Dutch pension money is invested heavily in companies that contribute to deforestation in the Amazon region and the Cerrado savanna in Brazil, such as soy, animal feed and beef companies. This is concluded in a report published today by Profundo, commisioned by the Fair Finance Guide, Hivos and Both ENDS. All ten pension funds that were examined invest in these types of companies, with the ABP pension fund and Pensioenfonds Zorg en Welzijn on top with investments worth EUR 580 million and EUR 383 million respectively.
Publication / 26 August 2020
News / 29 June 2020
On 23 July 2020 a global network of NGOs working to strengthen corporate accountability for environmental destruction and human rights abuses, including Both ENDS, published an open letter to European Commission DG Justice Commissioner Reynders. The letter is a response to his recent commitment to propose legislation in 2021 on both corporate due diligence and directors’ duties as part of an initiative on sustainable corporate governance.
News / 17 September 2019
On September 20 and 27 the global climate strike takes place. Both ENDS joins the Dutch Climate Strike on September 27 in The Hague. This is why.
News / 16 August 2019
Today, an op-ed by Nathalie van Haren and Stefan Schüller was published in the Dutch national newspaper De Volkskrant about the IPCC's latest report "Climate Change and Land". Below you find the English translation.
News / 2 August 2019
The EU is still one of the world’s largest importers of deforestation: EU demand for commodities like soy, palm oil, beef, coffee and cacao requires millions of hectares of tropical rainforest to be cleared. This deforestation has significant biodiversity and climate impacts, and is often linked to human rights violations and violence against local communities and indigenous peoples. Both ENDS and partners have been actively lobbying the EU Commission to adopt a robust action plan to address and prevent human rights violations and deforestation ‘embodied’ in EU imports of agricultural commodities.
News / 14 June 2019
Last Thursday June 13, Rahmawati Retno Winarni of TUK, an Indonesian partner organisation of Both ENDS, presented a symbolic tree and an appeal to the Dutch Minister of Agriculture Carola Schouten, also on behalf of 10 NGOs. The joint NGOs are pushing the EU, including the Dutch government, for strict EU legislation to prevent the destruction of forests and ecosystems and to protect human rights.
Publication / 29 May 2019
Publication / 8 May 2019
Press release / 6 May 2019
Almost 100 candidate EU Members of Parliament have signed a pledge drafted and endorsed by European NGOs and prominent individuals in which they commit - once elected - to promoting policies to protect and restore forests worldwide and to recognising and securing forest peoples’ territories and their rights, including the rights of women, for generations to come. The organisers hope to get many more signatures before the EU elections, to make sure the new EU parliament will start treating these topics with high urgency as soon as it is installed.
Pension funds have a lot of influence because of their enormous assets. Both ENDS therefore wants pension funds such as the Dutch ABP to withdraw their investments from the fossil industry and to invest sustainably instead.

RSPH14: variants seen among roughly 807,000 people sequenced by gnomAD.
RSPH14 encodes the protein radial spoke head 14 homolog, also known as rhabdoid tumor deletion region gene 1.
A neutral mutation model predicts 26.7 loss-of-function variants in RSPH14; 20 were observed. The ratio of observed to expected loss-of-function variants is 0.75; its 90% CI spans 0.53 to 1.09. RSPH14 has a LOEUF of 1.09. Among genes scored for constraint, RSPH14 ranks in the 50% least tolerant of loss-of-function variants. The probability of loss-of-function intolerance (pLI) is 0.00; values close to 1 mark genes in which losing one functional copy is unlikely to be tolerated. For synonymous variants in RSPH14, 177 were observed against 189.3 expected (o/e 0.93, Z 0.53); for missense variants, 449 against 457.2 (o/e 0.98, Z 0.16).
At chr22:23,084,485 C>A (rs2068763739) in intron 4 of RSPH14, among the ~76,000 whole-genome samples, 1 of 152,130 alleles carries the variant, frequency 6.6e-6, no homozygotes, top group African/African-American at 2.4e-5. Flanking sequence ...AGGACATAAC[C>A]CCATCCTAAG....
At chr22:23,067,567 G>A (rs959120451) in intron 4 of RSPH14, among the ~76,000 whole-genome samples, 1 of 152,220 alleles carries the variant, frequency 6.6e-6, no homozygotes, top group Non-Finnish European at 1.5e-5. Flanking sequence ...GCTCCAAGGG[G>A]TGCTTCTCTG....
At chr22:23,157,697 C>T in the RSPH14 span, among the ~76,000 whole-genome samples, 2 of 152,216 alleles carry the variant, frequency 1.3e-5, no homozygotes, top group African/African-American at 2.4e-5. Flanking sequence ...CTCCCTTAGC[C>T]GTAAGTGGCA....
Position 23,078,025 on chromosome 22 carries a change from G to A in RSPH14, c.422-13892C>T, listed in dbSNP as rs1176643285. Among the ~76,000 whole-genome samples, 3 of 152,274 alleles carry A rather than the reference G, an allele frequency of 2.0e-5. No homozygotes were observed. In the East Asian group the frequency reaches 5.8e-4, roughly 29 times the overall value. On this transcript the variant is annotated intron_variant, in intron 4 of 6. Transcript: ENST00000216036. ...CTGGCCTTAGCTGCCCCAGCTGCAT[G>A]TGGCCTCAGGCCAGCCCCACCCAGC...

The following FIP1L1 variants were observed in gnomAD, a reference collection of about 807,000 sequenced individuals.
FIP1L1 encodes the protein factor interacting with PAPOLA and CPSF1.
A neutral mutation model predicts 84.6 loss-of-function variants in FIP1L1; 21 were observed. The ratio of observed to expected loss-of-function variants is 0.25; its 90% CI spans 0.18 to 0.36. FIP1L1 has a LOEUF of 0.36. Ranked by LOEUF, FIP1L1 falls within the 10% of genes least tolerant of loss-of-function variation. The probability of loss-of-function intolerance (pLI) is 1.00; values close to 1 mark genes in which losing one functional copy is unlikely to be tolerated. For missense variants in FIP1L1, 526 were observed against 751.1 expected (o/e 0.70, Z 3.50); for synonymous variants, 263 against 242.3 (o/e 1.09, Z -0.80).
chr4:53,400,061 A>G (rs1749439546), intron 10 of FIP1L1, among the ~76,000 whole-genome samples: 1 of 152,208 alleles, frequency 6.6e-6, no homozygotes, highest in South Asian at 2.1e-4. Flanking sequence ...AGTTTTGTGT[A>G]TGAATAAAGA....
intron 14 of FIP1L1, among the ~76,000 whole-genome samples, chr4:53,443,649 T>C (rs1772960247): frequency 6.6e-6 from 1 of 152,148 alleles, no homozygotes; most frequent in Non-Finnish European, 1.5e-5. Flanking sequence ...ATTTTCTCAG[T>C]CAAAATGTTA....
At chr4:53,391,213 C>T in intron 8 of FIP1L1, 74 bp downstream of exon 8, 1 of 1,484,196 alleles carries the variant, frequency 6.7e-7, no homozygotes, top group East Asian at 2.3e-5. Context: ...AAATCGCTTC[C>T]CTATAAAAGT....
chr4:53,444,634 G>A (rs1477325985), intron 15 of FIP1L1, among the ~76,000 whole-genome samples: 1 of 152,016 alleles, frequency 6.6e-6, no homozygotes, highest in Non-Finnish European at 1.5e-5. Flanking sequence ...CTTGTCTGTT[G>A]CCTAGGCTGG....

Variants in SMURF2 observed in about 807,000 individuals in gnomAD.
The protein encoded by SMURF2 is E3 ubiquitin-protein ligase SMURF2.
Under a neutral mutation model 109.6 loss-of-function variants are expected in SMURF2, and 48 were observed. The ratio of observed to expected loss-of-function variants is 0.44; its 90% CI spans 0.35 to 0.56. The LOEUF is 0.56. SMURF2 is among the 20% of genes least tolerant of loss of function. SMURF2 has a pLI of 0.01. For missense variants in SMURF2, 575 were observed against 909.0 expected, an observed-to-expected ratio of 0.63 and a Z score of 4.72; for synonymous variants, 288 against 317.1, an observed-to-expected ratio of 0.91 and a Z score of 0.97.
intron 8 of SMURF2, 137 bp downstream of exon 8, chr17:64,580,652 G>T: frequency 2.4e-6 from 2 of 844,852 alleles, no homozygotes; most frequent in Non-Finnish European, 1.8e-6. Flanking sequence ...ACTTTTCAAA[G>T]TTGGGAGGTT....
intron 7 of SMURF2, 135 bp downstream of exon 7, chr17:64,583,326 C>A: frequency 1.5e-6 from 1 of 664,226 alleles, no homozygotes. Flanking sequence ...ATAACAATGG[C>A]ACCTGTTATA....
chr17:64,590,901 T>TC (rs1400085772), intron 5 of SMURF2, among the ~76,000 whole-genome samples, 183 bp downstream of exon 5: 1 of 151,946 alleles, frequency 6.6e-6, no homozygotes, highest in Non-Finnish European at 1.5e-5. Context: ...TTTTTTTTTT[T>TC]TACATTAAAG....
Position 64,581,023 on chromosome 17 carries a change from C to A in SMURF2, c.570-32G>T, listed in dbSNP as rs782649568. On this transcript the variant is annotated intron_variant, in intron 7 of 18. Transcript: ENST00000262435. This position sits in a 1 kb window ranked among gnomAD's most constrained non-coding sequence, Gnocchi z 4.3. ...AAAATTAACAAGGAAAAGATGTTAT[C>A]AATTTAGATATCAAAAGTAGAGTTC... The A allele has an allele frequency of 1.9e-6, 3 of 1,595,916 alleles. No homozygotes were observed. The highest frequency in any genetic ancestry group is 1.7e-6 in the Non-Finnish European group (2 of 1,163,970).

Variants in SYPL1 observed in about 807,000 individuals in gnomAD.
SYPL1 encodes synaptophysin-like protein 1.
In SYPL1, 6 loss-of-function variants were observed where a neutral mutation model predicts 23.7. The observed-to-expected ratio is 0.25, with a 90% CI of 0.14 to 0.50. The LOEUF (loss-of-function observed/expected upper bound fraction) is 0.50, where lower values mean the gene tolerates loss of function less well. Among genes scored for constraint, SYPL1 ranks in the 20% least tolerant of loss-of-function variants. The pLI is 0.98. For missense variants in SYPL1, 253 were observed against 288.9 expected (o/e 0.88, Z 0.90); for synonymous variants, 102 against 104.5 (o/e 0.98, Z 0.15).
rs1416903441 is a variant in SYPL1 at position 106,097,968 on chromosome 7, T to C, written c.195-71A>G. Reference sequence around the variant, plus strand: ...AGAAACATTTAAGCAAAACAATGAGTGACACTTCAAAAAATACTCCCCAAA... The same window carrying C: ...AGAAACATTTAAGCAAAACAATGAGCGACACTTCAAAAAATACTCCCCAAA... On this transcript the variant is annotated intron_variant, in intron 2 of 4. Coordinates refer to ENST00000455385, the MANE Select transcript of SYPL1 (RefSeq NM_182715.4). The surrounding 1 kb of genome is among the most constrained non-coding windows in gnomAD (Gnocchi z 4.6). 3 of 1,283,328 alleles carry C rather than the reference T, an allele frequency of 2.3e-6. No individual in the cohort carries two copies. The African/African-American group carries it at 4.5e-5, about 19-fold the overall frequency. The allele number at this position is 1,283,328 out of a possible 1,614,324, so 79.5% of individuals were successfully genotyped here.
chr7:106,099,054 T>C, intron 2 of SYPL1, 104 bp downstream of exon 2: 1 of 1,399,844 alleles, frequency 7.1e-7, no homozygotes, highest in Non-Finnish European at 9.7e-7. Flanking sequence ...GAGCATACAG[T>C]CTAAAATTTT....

Blog / 8 March 2019By Tamara Mohr
Together with five women from the Platform Suace Pyvyvõhára, I travel to Mingã Pora in the east of Paraguay. Around 45 families from the indigenous Tekohá Suace community settled here in 2016. In Guaraní, Tekohá means 'the place where we are what we are'. They reside in tents - self-made out of waste materials - on a small strip of land with a soy field on one side and a nature reserve owned by the Itaipu company on the other.
Blog / 18 January 2019
Unambitious and uninspiring: the European Commission’s proposal for stepping-up action on global deforestationBy Michael Rice
After five years of equivocation the European Commission has proposed a ‘roadmap’ for stepping-up EU action to address its contribution to global deforestation. Despite the escalating impact of EU trade in forest-risk commodities, regardless of repeated calls from the European Parliament for regulatory measures and contrary to the conclusions of the Commission’s own feasibility study in support of legislative intervention, the Commission has ruled-out out any new initiatives, let alone any legislative measures. The Commission’s solution to this complex problem: policy coherence.
News / 15 November 2018
On Wednesday, November 14, Dutch Newspaper De Volkskrant published a joint op-ed by Both ENDS, Hivos, Greenpeace Netherlands and Witness about the deforestation in the Amazon region which is still going on rapidly, having disastrous consequences for the indigenous people who live in the area, for biodiversity and for the climate. The Netherlands is one of the largest buyers of Brazilian agricultural products such as soy and beef, and should ensure that deforestation, land grabbing and human rights violations do not occur in these production chains. Unfortunately, this is not at all the case yet.
Publication / 7 November 2018
News / 26 October 2018
The sixth High-Level Political Forum (HLPF) on the Sustainable Development Goals (SDGs) was held at the UN Headquarters in New York in July 2018. The HLPF provides an opportunity to review global progress towards achieving the SDGs and for countries to present their own Voluntary National Reviews of the implementation of the SDGs. At this year's HLPF, SDG 15, known as the 'Life on Land'-goal, was under review.